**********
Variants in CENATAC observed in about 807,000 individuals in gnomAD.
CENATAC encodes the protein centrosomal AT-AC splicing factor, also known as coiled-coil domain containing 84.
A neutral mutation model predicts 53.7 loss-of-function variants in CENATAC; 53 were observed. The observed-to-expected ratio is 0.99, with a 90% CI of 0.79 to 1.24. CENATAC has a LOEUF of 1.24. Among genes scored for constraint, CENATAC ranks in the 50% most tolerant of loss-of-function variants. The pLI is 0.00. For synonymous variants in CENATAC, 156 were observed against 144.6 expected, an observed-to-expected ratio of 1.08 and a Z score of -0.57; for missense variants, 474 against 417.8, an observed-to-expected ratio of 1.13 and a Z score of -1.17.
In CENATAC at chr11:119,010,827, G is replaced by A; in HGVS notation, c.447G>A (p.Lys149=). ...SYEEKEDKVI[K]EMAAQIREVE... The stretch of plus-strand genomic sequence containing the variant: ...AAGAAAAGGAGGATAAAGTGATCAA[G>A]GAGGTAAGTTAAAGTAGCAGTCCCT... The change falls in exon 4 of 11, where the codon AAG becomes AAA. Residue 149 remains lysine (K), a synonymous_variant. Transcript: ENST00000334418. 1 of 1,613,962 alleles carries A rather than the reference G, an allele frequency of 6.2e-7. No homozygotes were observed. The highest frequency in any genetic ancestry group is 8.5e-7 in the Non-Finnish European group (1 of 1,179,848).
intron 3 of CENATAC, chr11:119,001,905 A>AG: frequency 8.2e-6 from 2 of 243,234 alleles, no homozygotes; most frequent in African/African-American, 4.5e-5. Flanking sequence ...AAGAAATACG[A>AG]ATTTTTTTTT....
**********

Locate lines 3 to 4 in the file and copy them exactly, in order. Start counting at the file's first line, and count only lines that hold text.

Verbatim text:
A neutral mutation model predicts 53.7 loss-of-function variants in CENATAC; 53 were observed. The observed-to-expected ratio is 0.99, with a 90% CI of 0.79 to 1.24. CENATAC has a LOEUF of 1.24. Among genes scored for constraint, CENATAC ranks in the 50% most tolerant of loss-of-function variants. The pLI is 0.00. For synonymous variants in CENATAC, 156 were observed against 144.6 expected, an observed-to-expected ratio of 1.08 and a Z score of -0.57; for missense variants, 474 against 417.8, an observed-to-expected ratio of 1.13 and a Z score of -1.17.
In CENATAC at chr11:119,010,827, G is replaced by A; in HGVS notation, c.447G>A (p.Lys149=). ...SYEEKEDKVI[K]EMAAQIREVE... The stretch of plus-strand genomic sequence containing the variant: ...AAGAAAAGGAGGATAAAGTGATCAA[G>A]GAGGTAAGTTAAAGTAGCAGTCCCT... The change falls in exon 4 of 11, where the codon AAG becomes AAA. Residue 149 remains lysine (K), a synonymous_variant. Transcript: ENST00000334418. 1 of 1,613,962 alleles carries A rather than the reference G, an allele frequency of 6.2e-7. No homozygotes were observed. The highest frequency in any genetic ancestry group is 8.5e-7 in the Non-Finnish European group (1 of 1,179,848).